What an ordeal you have been through listening to Dr. Barendras and yet what a relief it is to now finally be able to not only speak of this event that has haunted us, but to be able to put it to rest. The images I have in my mind of our dear long lost friend’s fearful confiding in us that his life was in danger, and our not being able to do anything about it-being told that they were merely the rants of a man who was mentally affected by his illness can now, perhaps, be softened with more time. You are right, of course. The name of Dr. Ratan Pal is one I will never forget. Back before I came out to India in the late 30’s, Jack’s mother was very involved in starting the first clinic for orphans up in Cal. It seems that Dr. Ratan Pal wanted to make a name for himself in those early days, which is why he probably volunteered his services. Mataji, as Jack’s mother was called by all of the native nurses, had to dismiss him because he didn’t conduct himself as a gentleman around the nurses. And, he was found to be stealing some of the drugs and supplies for his own practice. You know, Mataji would not have cared were he stealing them to help other poor people in the villages, but that is not what he was doing. He was selling them to the black market. She was not able to prosecute him, once again, because she didn’t want to involve the wives of officials that she knew were also getting their drugs from him. One of which was M.G.’s wife. Now, it all fits. M. G.’s wife had it over him that she would turn him in if he didn’t sign M.G.’s death certificate and subsequently, she would be safely away in South Africa. What a tangled web was woven around an innocent man’s death. Now, Lily, brace yourself for news that may not have reached you, but that came to me through another former acquaintance, whom I have not heard from for all these years, Vinod Shastra of the Kolkata Times Gazette. Within days of your house party, Dr. Ratan Pal was found dead by way of being strangled. The paper said that it was the same style of murder that was committed by the Thugees 200 years ago. And it is still puzzling the police. He was found in his club in the hill station near Darjeeling. I tried to telephone you, but even though we are in the 1980’s, phone lines between the southern tip of India and the outskirts of Cal are still unreliable. I know you try to never read the news these days so I knew you wouldn’t know.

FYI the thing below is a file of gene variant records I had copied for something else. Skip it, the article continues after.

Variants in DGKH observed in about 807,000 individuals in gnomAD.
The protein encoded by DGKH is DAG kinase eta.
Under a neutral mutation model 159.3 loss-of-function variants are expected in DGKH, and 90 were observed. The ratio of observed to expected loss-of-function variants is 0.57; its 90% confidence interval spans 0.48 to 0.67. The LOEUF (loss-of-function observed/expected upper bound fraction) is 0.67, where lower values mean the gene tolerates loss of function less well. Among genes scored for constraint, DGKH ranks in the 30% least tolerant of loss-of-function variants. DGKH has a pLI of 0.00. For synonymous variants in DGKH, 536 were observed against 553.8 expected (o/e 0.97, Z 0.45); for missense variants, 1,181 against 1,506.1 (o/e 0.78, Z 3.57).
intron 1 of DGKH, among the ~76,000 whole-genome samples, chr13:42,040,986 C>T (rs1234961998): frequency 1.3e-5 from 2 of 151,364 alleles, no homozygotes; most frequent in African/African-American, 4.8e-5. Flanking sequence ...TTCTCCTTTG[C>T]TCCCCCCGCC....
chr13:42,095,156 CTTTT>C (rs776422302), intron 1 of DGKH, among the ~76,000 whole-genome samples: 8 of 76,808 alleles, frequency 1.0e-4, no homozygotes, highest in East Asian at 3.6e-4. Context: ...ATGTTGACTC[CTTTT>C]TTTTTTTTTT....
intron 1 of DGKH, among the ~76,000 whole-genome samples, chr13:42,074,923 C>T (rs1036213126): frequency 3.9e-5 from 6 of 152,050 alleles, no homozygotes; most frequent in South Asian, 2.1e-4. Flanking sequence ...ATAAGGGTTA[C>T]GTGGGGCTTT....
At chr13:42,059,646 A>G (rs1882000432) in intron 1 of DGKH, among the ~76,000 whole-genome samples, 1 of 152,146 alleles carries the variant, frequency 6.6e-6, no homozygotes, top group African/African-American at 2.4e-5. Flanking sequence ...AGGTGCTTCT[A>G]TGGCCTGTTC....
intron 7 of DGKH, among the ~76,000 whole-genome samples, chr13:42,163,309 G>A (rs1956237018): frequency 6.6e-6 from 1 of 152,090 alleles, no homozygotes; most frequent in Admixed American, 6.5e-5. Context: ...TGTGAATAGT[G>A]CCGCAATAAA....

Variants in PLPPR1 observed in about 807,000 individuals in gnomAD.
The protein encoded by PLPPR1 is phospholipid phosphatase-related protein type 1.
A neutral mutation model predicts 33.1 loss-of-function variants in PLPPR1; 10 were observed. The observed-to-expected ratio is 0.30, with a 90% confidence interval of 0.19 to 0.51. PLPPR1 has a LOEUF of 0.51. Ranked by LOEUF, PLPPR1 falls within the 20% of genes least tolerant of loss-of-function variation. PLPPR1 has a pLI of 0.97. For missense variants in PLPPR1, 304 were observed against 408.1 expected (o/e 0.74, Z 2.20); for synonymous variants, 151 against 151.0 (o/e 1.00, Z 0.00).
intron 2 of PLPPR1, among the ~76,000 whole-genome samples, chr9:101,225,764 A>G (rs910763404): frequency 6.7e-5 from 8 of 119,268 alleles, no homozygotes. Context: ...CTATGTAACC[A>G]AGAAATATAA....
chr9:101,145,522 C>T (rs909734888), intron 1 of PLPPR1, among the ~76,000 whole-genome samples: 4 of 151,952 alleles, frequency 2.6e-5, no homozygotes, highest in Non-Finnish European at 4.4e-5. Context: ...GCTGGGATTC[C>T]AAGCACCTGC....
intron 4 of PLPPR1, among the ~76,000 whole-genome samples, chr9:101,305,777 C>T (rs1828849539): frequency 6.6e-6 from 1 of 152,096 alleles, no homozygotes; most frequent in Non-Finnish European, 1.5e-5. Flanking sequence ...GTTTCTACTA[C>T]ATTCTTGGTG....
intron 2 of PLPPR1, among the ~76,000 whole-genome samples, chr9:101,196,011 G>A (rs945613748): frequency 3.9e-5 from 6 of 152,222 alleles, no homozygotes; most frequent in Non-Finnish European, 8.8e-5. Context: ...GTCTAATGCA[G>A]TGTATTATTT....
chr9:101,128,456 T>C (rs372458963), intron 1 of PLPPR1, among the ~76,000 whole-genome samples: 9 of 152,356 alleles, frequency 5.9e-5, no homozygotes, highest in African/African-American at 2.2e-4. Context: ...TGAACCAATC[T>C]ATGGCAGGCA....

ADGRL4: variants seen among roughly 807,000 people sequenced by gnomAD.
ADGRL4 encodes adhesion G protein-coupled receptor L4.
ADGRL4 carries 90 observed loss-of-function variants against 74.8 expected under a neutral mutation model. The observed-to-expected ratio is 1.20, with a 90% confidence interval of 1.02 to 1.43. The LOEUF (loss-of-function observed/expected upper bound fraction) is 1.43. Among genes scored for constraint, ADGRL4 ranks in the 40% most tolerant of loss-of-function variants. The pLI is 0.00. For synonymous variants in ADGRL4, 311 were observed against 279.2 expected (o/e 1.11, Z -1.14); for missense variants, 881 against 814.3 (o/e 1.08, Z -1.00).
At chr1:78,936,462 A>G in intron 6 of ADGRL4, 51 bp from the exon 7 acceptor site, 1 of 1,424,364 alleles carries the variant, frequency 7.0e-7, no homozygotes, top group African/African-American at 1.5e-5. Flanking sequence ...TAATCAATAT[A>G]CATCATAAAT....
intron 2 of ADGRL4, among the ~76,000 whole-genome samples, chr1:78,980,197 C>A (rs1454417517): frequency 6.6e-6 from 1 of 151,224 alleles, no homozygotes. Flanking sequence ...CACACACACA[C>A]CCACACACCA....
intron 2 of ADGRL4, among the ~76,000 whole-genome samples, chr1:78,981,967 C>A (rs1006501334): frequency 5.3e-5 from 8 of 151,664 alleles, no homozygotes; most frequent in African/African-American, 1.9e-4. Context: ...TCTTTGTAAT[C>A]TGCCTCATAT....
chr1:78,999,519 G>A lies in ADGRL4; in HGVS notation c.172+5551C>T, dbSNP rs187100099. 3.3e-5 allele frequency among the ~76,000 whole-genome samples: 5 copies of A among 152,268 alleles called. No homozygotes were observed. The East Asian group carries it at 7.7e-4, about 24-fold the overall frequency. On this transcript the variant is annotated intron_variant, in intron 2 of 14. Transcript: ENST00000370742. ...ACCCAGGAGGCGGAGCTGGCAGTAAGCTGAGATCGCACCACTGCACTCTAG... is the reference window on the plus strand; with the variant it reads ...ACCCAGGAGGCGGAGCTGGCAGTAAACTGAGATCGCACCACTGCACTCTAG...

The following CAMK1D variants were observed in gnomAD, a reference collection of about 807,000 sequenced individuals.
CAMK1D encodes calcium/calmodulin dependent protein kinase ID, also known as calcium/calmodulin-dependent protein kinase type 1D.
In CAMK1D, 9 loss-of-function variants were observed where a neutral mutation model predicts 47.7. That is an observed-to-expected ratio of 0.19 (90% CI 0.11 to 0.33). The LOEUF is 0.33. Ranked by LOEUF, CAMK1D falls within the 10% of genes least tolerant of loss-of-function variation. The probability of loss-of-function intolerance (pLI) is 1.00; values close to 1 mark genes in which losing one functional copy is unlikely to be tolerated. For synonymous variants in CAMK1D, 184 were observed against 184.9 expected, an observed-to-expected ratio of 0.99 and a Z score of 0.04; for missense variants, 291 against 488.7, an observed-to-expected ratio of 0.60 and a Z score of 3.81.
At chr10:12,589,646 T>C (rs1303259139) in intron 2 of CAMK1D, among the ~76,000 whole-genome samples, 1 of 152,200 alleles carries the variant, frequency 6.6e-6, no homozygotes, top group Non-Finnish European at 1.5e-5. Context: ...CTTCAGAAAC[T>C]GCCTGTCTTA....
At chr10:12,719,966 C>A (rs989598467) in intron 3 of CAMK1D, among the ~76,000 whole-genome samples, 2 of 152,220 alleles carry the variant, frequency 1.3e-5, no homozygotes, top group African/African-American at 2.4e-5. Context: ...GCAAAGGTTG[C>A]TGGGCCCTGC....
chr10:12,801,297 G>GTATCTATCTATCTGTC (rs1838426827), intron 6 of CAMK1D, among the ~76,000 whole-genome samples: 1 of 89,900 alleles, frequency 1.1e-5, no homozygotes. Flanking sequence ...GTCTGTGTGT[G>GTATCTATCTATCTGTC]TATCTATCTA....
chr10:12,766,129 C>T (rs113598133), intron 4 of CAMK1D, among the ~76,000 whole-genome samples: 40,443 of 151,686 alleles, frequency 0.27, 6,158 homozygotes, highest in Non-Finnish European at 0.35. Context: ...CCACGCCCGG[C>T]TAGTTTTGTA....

Now to cheer you up a bit. I remember a story from our horse riding days after you and I both mastered the art of horsewoman-ship. You, Sunny, Jack and I went for a ride out into the wilds when we had come across a small concession of the Bartney’s Bank. Jack slapped his thigh and let out an enormous laugh calling out to the rest of us, who were behind him, “You can always rely on and find a Bartney’s Bank, even in the middle of the jungle!” Of course, Jack and I always had a Bartney’s Bank account and to this day, so do I. In fact, one of the things Dassi turned out of a drawer was the first passbook from Bartney’s that we opened as a married couple. I won’t even start to divulge the date on it, but there’s a picture of King George on the cover if that gives you any idea!
Click HERE to read previous episode of Over Cups of Tea.
Authors Khadi Madama and Bela Banerjee introduce you to two octogenarians who remember their lives in India from the days of the Raj until their gleaming golden ages in this light hearted and sometimes bittersweet letter exchange.